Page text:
How to chose the right framework? If your use case involves a high throughput message passing or high number of actors being activated in a short time, then the benchmark results may be useful to make the selection. Otherwise, perhaps factors other than performance will play the main role in decision making process. Things like developer friendliness, breadth of use cases covered, ease of deployment, reliability and support are examples of what should be considered.


A note on benchmark results reproducibility

We noticed that after recreating the AKS environment, the benchmark results may differ from previous runs, although the same types of VMs are used. We suspect this is due to the nature of the public cloud, where the test environment is not fully isolated and might be affected by the “noisy neighbor” effect or simply placed on different infrastructure.

Extra: Actor framework configuration details

You can get the benchmark code on GitHub.

All benchmarks run on .NET 6 with full PGO enabled, which has proven to improve results for each framework.


Version used: 3.6.0. The Orleans deployment is set up as 6 node cluster with Azure Storage clustering provider. The 3 test runners are silos that do not have any grain types registered. All the ping-pong grains are spawned on the 3 SUT silos. The remaining configuration uses default settings.


Version used: 0.32. Proto.Actor deployment is a cluster of 6 nodes, 3 of them hosting actors, and the remaining 3 serving as test runners. The test runners have no actor kinds configured, so they do not host actors themselves.

The benchmark does not use code generated virtual actors, because although they are convenient, they also introduce an overhead of about 5-8%. Additionally, compression is enabled for gRPC connections.

Kubernetes clustering provider is used along with Partition Identity Lookup, which is’s default identity ownership strategy. The message types are generated from proto files, so protobuf serialization is used. The remaining configuration uses default settings.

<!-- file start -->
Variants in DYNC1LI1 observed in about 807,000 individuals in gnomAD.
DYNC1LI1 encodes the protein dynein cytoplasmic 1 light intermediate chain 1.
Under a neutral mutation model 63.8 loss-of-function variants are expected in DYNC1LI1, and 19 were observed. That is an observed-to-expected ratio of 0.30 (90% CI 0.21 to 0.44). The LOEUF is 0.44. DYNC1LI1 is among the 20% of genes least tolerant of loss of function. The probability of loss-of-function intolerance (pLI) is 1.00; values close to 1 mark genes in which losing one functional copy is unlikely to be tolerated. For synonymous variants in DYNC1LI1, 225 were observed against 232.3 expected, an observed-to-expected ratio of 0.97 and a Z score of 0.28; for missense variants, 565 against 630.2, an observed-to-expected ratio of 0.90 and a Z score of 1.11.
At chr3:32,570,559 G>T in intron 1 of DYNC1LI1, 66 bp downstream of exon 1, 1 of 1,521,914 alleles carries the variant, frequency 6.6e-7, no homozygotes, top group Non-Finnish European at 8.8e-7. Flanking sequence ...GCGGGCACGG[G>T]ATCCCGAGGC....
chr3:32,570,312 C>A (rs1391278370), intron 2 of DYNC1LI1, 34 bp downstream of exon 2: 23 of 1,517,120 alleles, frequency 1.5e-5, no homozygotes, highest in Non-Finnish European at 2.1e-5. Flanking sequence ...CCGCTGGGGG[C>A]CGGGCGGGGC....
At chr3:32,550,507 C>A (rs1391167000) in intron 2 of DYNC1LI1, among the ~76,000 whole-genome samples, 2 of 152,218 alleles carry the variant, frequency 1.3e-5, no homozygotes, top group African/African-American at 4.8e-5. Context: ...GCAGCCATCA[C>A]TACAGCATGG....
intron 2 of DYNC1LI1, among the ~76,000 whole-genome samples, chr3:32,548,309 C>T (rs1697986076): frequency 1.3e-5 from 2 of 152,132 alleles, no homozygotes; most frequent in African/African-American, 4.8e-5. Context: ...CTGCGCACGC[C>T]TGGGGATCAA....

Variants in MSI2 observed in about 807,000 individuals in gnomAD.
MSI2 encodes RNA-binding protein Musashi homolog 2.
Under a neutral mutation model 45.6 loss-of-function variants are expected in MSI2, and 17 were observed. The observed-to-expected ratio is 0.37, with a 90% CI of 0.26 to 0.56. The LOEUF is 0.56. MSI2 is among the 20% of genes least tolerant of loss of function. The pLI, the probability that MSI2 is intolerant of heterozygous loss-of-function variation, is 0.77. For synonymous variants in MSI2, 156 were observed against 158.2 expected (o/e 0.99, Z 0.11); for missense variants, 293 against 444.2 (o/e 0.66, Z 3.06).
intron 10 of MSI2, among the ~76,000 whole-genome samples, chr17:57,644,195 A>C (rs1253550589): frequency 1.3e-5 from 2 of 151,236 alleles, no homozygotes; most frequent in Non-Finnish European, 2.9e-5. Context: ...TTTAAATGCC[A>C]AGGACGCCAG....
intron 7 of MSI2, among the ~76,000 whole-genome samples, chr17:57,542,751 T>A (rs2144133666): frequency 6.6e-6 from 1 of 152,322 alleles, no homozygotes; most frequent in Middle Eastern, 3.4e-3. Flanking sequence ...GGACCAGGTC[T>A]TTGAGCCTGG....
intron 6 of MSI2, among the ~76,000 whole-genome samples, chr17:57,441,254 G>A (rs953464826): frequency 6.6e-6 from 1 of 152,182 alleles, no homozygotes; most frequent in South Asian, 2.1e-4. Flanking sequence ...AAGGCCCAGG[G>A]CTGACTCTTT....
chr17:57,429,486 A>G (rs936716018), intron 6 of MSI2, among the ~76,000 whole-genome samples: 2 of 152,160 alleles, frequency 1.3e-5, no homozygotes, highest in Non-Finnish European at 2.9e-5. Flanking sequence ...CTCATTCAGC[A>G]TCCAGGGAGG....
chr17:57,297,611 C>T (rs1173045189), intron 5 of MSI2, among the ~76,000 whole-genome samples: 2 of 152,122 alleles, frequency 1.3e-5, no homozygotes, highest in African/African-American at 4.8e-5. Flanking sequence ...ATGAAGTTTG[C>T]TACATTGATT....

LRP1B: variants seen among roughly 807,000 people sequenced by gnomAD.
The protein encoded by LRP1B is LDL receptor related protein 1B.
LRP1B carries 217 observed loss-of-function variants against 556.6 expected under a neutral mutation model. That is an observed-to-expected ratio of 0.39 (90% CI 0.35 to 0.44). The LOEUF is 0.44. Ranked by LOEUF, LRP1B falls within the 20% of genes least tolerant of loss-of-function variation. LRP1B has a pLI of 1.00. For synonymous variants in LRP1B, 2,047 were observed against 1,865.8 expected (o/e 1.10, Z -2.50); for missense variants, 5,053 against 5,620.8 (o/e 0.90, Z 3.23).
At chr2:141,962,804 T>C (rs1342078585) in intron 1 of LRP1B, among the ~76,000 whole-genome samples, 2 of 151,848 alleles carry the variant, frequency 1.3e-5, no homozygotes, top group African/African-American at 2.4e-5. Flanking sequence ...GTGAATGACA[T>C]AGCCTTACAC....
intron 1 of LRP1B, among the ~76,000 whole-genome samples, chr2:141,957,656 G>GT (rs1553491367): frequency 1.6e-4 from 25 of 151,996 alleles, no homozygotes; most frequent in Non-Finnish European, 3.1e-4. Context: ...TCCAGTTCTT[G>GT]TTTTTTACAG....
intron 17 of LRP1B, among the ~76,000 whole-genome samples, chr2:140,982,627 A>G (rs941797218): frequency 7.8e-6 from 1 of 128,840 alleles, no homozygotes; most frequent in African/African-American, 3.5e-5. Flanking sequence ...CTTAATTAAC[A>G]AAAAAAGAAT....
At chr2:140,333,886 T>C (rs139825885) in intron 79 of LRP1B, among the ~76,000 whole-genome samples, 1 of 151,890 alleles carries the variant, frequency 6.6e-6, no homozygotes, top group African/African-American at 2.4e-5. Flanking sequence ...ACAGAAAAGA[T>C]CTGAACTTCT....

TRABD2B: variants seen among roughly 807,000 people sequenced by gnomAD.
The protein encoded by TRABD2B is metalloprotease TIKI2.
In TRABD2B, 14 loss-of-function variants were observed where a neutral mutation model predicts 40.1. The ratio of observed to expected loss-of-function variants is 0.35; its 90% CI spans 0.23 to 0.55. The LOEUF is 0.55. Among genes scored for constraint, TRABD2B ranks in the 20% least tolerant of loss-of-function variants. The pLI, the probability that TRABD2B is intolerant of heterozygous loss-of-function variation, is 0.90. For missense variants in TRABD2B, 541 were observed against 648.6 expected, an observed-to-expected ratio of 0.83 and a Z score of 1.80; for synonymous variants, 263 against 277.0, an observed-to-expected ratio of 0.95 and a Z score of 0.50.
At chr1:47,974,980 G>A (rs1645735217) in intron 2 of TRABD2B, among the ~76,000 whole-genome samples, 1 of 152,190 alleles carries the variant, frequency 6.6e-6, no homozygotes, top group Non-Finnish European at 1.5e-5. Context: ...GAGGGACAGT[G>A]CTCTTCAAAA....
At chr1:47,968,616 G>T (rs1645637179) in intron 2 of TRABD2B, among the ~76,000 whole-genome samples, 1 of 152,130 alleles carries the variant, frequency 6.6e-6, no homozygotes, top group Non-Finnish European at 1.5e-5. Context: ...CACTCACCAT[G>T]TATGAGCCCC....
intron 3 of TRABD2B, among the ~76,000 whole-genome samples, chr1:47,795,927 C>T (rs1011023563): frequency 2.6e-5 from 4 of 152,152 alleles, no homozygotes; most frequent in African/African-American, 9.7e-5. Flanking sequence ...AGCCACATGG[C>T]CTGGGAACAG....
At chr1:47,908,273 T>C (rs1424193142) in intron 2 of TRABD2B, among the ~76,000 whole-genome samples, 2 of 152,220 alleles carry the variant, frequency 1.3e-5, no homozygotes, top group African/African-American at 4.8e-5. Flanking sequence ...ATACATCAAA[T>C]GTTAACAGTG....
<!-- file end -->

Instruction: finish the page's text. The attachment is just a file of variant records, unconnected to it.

Note: Using the alternative Partition Activator Lookup will improve activation throughput ~10-30%, however it has some interesting consequences for cluster balancing. Be sure to read the next blog post in the series to learn more.


Version used: 1.4.36. Akka.Net deployment is a 6 node cluster, 3 of them hosting actors, and remaining 3 serving as test runners. Only SUT nodes host actors thanks to proper node role configuration.

The Akka.Net clustering implementation uses seed nodes. We’re using the Lighthouse service deployed to management node pool in Kubernetes to ensure the seed nodes are always available and that they do not affect benchmark results.

By default, Akka.Net uses Newtonsoft.Json for serialization, however this has significant impact on the performance. So in the benchmark we’re using the Hyperion serializer. Note however, that it is still marked as beta.

The remaining configuration uses default settings.


Version used: 1.7.0. Dapr clustering works out of process - the actor placement service communicates with the sidecar containers to determine which nodes support what actor types. In the test environment, we used 3 service instances hosting the PingPong actor and 3 more acting as clients - all assigned to appropriate node pools.

Features such as tracing, metrics collection and mTLS have been disabled to create similar conditions to other frameworks. Redis was used as the actor state storage, however no state was stored during the test. All other aspects of the configuration were left at their default values.


Marcin Budny, R&D Lead

[email protected]

Marcin is a software architect and developer focused on distributed systems, cloud, APIs and event sourcing. He worked on projects in the field of IoT, telemetry, remote monitoring and management, system integration and computer vision with deep learning. Passionate about latest tech and good music

More stories you might like